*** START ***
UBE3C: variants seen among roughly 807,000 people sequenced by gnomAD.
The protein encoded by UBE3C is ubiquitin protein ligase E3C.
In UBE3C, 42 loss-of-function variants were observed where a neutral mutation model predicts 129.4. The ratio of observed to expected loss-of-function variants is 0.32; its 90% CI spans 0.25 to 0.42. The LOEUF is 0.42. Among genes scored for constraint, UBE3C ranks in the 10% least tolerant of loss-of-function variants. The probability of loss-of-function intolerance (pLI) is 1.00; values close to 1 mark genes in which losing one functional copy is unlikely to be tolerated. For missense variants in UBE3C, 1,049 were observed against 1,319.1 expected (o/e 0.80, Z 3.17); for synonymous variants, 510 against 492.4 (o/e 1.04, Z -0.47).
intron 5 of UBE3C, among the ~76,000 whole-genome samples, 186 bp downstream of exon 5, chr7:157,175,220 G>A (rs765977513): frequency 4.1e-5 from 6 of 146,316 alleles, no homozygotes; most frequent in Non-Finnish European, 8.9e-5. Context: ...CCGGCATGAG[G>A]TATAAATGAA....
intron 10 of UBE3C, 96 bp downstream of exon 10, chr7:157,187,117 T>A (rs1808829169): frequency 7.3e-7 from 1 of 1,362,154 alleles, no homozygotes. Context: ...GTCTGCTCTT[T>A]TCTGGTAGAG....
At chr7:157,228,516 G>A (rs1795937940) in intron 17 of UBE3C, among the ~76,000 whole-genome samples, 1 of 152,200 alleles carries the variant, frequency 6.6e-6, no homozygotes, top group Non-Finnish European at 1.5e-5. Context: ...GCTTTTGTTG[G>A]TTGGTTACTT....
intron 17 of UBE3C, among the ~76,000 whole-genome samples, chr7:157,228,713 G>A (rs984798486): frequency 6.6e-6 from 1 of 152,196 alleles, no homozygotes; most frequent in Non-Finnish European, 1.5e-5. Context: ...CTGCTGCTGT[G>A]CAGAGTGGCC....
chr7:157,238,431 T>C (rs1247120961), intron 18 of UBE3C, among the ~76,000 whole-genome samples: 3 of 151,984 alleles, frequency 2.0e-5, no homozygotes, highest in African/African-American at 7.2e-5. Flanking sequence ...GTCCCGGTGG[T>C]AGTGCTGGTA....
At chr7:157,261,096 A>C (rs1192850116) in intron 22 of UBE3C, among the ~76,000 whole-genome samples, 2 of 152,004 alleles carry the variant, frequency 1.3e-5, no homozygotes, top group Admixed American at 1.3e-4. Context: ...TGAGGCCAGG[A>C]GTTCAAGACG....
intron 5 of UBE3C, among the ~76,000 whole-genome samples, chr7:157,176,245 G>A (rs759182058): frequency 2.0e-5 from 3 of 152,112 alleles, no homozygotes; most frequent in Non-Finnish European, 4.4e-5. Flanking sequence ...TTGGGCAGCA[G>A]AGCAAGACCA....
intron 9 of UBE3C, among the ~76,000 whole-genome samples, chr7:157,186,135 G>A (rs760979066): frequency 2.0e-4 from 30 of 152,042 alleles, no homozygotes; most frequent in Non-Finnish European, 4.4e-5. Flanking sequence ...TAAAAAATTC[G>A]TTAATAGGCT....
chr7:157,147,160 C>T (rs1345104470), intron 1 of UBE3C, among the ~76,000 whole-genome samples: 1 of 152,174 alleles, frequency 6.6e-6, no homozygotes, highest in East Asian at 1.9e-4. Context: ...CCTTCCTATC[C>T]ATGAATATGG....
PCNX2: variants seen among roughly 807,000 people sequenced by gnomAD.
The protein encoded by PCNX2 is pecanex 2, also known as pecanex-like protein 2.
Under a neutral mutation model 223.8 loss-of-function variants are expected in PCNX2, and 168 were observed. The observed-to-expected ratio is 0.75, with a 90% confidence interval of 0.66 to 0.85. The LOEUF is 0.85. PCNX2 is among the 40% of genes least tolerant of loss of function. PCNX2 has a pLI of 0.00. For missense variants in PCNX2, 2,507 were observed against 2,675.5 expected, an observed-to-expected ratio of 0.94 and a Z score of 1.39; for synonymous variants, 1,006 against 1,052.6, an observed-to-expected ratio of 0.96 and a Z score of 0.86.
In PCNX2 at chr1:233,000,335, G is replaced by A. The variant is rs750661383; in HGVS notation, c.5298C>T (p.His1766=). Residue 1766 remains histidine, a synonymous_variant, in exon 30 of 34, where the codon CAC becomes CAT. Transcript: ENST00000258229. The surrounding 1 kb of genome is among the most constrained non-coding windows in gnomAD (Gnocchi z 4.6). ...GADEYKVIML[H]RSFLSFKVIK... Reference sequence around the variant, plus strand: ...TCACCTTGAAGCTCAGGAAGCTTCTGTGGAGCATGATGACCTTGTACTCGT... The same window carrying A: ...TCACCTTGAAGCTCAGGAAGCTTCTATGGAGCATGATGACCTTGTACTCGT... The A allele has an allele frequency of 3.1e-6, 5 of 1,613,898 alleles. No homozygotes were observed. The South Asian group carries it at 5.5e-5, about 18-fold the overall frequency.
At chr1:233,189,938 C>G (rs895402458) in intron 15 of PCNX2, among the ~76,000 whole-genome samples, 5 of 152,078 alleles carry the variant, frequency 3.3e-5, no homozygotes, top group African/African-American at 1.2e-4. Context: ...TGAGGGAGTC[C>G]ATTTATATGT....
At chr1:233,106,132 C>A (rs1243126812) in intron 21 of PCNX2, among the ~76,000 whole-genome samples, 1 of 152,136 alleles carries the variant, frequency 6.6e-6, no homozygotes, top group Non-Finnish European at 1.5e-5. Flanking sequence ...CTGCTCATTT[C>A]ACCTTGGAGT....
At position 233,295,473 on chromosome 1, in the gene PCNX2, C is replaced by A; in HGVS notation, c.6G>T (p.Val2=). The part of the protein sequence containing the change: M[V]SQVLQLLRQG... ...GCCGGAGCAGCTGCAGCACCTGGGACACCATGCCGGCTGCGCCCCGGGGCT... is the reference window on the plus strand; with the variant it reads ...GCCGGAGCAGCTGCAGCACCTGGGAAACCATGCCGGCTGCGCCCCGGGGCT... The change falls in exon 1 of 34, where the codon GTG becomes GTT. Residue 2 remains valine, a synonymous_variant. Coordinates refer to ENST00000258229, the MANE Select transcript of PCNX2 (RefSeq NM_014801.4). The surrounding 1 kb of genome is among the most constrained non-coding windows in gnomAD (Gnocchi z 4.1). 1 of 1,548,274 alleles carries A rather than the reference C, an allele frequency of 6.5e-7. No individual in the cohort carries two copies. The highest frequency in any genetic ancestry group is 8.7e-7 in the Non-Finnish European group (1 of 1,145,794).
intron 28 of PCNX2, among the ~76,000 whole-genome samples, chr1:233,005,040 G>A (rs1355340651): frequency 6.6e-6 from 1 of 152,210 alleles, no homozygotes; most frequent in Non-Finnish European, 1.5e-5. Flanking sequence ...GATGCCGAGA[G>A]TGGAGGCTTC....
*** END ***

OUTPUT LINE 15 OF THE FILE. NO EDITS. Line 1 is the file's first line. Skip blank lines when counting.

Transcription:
Under a neutral mutation model 223.8 loss-of-function variants are expected in PCNX2, and 168 were observed. The observed-to-expected ratio is 0.75, with a 90% confidence interval of 0.66 to 0.85. The LOEUF is 0.85. PCNX2 is among the 40% of genes least tolerant of loss of function. PCNX2 has a pLI of 0.00. For missense variants in PCNX2, 2,507 were observed against 2,675.5 expected, an observed-to-expected ratio of 0.94 and a Z score of 1.39; for synonymous variants, 1,006 against 1,052.6, an observed-to-expected ratio of 0.96 and a Z score of 0.86.